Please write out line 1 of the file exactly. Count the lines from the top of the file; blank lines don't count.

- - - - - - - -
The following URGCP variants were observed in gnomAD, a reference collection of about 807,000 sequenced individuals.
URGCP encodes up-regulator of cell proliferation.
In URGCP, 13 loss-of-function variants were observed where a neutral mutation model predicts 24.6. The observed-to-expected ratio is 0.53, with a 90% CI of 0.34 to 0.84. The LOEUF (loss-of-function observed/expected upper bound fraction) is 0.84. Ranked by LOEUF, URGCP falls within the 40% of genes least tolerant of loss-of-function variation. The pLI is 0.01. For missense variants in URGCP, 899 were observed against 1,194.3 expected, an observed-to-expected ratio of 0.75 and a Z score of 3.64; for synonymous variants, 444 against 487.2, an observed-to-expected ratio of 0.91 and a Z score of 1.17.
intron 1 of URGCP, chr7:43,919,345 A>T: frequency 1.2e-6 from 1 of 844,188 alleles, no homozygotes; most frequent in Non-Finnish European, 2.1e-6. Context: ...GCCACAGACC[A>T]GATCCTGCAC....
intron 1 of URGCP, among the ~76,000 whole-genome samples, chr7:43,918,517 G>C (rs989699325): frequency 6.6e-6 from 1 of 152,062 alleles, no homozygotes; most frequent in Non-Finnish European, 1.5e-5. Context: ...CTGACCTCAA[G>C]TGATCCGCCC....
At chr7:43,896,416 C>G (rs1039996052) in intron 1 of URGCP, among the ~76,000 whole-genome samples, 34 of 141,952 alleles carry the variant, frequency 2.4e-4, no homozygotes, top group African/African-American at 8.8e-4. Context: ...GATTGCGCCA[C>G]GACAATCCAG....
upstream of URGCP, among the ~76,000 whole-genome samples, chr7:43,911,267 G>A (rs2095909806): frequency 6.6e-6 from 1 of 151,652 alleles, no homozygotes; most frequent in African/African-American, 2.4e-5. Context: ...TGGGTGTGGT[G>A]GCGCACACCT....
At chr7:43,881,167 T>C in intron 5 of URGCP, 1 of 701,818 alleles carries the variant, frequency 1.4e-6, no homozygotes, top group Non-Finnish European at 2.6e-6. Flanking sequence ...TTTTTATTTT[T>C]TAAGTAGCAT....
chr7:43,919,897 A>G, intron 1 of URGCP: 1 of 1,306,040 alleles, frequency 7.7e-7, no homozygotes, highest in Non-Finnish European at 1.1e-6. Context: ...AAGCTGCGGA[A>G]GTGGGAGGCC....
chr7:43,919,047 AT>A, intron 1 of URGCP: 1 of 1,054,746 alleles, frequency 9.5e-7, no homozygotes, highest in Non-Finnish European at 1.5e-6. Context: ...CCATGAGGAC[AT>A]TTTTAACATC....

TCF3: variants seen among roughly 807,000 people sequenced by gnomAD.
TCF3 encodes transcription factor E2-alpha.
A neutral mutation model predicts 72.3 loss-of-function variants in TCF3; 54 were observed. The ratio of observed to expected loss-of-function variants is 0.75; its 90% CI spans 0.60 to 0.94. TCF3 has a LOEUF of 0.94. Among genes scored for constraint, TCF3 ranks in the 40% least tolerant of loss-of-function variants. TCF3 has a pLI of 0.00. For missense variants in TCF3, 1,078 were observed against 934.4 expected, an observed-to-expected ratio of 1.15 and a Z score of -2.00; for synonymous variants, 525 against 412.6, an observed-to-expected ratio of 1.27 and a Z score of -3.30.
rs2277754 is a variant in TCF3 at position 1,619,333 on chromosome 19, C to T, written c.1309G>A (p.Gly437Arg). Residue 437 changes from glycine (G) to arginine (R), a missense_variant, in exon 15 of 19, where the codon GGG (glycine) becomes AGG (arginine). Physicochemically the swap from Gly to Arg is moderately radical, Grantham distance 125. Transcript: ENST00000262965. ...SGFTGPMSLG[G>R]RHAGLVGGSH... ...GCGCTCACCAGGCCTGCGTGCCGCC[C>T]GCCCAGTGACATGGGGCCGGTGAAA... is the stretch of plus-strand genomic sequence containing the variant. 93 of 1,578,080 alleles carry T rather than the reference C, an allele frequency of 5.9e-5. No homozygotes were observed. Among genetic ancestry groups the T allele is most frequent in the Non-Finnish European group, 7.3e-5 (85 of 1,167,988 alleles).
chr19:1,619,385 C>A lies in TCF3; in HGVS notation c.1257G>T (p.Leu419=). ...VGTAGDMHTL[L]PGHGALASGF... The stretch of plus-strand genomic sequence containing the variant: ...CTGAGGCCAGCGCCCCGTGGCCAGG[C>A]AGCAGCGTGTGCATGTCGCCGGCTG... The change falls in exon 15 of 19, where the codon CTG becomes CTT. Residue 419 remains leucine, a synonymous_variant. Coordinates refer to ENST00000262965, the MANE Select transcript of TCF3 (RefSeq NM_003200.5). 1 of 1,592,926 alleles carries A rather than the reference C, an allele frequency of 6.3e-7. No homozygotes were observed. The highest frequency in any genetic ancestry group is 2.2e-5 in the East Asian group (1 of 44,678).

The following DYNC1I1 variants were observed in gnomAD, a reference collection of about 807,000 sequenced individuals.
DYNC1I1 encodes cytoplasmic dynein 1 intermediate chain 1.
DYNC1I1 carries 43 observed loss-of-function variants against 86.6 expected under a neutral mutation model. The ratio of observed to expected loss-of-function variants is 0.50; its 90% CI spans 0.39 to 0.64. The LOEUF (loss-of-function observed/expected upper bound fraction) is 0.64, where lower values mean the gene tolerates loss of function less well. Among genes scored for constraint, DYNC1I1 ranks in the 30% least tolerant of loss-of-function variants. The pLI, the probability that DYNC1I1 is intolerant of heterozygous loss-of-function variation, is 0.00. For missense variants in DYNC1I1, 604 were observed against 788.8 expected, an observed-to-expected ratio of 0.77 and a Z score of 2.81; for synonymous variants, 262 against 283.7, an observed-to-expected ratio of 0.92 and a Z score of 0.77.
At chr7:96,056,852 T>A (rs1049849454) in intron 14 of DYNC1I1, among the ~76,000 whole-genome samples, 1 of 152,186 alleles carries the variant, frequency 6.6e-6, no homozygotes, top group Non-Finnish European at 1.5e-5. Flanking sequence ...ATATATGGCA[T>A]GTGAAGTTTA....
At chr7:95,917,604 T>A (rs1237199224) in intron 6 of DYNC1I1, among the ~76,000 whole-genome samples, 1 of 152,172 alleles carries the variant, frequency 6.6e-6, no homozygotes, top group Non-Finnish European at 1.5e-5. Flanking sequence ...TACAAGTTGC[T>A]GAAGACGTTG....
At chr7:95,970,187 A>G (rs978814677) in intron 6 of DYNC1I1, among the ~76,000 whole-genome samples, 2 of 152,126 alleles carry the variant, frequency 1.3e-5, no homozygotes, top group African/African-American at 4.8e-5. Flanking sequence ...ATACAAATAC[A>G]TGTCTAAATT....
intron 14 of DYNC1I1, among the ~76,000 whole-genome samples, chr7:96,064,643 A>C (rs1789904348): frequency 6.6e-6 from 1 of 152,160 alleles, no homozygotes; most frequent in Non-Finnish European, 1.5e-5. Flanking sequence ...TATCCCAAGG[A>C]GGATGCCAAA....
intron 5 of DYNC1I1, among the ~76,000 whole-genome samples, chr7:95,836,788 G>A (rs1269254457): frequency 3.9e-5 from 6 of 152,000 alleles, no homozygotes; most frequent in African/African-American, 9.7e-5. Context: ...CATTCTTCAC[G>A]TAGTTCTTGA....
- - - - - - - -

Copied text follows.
The following URGCP variants were observed in gnomAD, a reference collection of about 807,000 sequenced individuals.